WENATCHEE — Vaccination efforts in Chelan and Douglas counties have a new challenge after state health officials paused the use of the Johnson & Johnson vaccine on Tuesday.

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Luke Davies

Chelan-Douglas Health District administrator

Even without the one-dose option, the area can still reach 70% vaccination coverage in approximately eight to nine weeks, Luke Davies, health administrator for the Chelan-Douglas Health District, said at a Tuesday news conference.

The Town Toyota Center mass vaccination site has administered more than 43,000 doses of a COVID-19 vaccine as of April 9. Vaccine eligibility opens to everyone 16 and older this Thursday which will hopefully help limit transmission, Davies said.

“We’re hoping that demand is still very, very high,” Davies said. “We have now about 50,000 people who have not initiated vaccination who are eligible and are hoping will come in.”

Vaccine allocation will be limited for the next couple of weeks, however, Davies said. The Town Toyota Center and its local partners can cumulatively vaccinate around 12,500 a week. But with one vaccine suspended, the area is forecasted to receive approximately 9,400 doses of Pfizer and Moderna a week, according to Davies.

The area also has seen a slight increase in COVID-19 cases. Chelan and Douglas counties narrowly passed the state’s evaluation on Monday to remain in Phase 3 of the “Healthy Washington” reopening plan.

With spring break wrapping up last week — when people may have traveled, spent time with family, etc. — the health district is anticipating another spike in cases, Davies said.

“We are still asking people to use caution, to wear masks and to restrict their movement so we can try to fight some of these [COVID-19] variants and see less of these breakthrough [cases],” he said.

The state Department of Health suspended the use of the single-dose J&J vaccine after the Centers for Disease and Control and Prevention put out a statement Tuesday recommending that states do so while it investigates six cases of blood clotting.

The complication seems to be very rare, but the state has decided to pause the use of the vaccine until the CDC provides further guidance, according to a statement from the state Department of Health.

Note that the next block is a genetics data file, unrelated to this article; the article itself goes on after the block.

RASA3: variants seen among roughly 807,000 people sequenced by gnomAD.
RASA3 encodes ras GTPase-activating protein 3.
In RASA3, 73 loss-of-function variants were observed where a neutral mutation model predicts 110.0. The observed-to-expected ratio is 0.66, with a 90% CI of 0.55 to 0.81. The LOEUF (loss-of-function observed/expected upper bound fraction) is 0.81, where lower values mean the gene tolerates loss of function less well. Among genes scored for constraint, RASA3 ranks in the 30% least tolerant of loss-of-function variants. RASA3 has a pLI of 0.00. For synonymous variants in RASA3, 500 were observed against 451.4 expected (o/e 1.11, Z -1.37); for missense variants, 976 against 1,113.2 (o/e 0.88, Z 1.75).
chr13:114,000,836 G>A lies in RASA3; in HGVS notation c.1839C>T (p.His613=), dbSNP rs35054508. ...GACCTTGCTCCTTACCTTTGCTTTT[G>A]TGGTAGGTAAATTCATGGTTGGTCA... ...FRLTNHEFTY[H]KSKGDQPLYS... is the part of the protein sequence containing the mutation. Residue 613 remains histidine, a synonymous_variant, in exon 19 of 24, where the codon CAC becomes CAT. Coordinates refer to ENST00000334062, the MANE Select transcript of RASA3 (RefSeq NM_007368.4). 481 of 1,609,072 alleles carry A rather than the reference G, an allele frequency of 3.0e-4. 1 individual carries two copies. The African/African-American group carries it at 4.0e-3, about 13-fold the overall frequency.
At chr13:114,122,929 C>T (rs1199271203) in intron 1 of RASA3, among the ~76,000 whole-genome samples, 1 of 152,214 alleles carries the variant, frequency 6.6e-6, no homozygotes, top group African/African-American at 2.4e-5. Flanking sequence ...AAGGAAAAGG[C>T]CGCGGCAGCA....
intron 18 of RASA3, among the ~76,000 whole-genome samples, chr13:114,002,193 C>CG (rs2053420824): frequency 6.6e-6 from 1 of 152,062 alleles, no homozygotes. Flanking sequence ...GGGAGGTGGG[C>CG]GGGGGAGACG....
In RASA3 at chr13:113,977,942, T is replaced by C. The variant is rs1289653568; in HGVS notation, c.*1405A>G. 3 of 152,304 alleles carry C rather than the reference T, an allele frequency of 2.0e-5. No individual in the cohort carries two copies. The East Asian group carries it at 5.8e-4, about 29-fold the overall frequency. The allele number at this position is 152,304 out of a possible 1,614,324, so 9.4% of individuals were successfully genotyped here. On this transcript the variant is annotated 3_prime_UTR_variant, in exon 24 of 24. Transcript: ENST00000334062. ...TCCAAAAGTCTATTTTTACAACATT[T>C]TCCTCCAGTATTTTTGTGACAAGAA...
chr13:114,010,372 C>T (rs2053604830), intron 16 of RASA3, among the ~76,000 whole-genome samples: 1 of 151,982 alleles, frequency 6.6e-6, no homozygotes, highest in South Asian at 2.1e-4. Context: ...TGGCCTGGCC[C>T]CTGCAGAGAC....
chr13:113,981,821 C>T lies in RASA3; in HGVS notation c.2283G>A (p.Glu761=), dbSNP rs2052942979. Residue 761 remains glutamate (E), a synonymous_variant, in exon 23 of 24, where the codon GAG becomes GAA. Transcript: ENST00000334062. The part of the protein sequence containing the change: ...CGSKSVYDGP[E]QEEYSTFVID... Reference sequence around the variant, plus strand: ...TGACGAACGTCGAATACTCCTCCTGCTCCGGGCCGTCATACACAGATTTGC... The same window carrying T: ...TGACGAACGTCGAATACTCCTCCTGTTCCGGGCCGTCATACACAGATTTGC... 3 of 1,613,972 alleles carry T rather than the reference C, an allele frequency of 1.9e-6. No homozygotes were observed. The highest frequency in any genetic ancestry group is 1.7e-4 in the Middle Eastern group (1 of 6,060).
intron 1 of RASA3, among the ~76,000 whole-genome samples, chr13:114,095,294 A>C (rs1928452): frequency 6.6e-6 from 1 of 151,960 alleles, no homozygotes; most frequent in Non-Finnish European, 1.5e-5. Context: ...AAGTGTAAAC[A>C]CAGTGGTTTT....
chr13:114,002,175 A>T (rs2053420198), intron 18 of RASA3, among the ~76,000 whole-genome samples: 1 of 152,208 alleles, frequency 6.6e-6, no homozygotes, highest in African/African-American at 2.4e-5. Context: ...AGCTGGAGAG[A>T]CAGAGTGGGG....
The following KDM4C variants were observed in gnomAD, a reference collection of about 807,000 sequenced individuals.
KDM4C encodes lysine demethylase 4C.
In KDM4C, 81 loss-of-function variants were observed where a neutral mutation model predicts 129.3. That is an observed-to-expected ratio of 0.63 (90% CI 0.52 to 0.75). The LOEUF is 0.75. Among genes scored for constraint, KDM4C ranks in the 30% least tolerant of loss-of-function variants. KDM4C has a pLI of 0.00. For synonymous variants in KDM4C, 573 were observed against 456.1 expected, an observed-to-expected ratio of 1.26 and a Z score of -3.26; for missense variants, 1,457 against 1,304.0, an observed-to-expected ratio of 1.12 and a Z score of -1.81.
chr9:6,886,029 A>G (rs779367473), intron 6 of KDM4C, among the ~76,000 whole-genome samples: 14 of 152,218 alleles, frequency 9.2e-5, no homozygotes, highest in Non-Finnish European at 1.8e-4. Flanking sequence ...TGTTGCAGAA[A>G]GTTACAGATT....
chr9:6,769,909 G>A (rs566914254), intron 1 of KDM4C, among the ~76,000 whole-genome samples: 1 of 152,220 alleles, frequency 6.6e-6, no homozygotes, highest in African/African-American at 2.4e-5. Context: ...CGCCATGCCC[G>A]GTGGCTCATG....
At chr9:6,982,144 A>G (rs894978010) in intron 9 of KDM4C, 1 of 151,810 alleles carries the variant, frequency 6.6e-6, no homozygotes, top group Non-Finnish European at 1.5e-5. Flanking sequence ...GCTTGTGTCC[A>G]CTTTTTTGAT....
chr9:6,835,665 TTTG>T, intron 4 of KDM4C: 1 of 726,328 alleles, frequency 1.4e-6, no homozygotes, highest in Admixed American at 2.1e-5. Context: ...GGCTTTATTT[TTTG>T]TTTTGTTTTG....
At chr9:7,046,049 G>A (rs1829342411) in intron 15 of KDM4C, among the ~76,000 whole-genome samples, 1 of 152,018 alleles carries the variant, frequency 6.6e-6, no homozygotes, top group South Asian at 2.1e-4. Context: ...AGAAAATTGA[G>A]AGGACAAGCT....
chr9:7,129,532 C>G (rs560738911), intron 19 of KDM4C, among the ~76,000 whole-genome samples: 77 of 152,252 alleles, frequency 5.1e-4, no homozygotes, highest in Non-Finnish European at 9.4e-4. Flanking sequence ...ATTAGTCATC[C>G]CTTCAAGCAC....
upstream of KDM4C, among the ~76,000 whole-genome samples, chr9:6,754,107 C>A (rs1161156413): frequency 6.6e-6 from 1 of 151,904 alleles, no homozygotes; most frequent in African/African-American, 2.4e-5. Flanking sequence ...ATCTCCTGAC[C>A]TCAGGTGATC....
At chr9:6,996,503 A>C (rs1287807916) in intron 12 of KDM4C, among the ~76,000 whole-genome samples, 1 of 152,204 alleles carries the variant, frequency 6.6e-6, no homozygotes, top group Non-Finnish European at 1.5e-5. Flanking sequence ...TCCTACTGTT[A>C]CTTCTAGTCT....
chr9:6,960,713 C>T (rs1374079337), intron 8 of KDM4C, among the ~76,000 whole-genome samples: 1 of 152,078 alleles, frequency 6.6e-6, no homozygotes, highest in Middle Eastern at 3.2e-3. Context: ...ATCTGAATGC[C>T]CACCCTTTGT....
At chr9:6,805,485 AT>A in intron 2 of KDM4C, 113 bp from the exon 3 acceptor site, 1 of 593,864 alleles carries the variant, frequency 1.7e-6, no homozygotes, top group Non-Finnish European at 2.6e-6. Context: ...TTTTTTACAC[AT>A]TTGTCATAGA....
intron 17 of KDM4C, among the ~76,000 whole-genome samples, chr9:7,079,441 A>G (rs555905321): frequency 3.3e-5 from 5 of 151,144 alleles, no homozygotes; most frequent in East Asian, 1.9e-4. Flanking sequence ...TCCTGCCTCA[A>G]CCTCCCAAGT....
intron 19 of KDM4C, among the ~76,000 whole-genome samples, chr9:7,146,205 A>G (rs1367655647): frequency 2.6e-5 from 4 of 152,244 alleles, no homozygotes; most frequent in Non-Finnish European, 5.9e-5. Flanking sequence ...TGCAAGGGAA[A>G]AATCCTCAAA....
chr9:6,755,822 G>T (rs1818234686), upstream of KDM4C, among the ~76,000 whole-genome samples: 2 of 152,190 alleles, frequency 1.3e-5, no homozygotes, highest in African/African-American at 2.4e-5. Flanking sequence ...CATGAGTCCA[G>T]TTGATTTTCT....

About 149,000 doses of the J&J vaccine have been administered in the state while approximately 1,000 to 1,500 doses were delivered in Chelan and Douglas counties, according to Davies.

The state Department of Health urges anyone who has received the Johnson vaccine and develops severe headache, abdominal pain, leg pain or shortness of breath within three weeks after vaccination to contact their healthcare provider.

“This potential adverse event is very, very rare,” Davies said. “It is important to be aware but [people] shouldn’t be worried or scared.”

Columbia Valley Community Health was the first provider in the area to receive doses of the single-dose vaccine through a federal allocation program.

The biggest challenge now is finding new vaccines to switch out for vaccination clinics in the upcoming weeks, according to Katharine Bohm, CVCH marketing and communications relations manager.

Two clinics this week have been switched up with Pfizer and Moderna vaccines, Bohm said. CVCH is ordering more vaccine for the following weeks and are hopeful that they will not have to make any changes to their schedule, she said.

CVCH has also reached out to companies they work with and are happy to report that nobody has come forward with any symptoms after being vaccinated with the Johnson & Johnson vaccine, she said.

Oscar Rodriguez: (509) 665-1179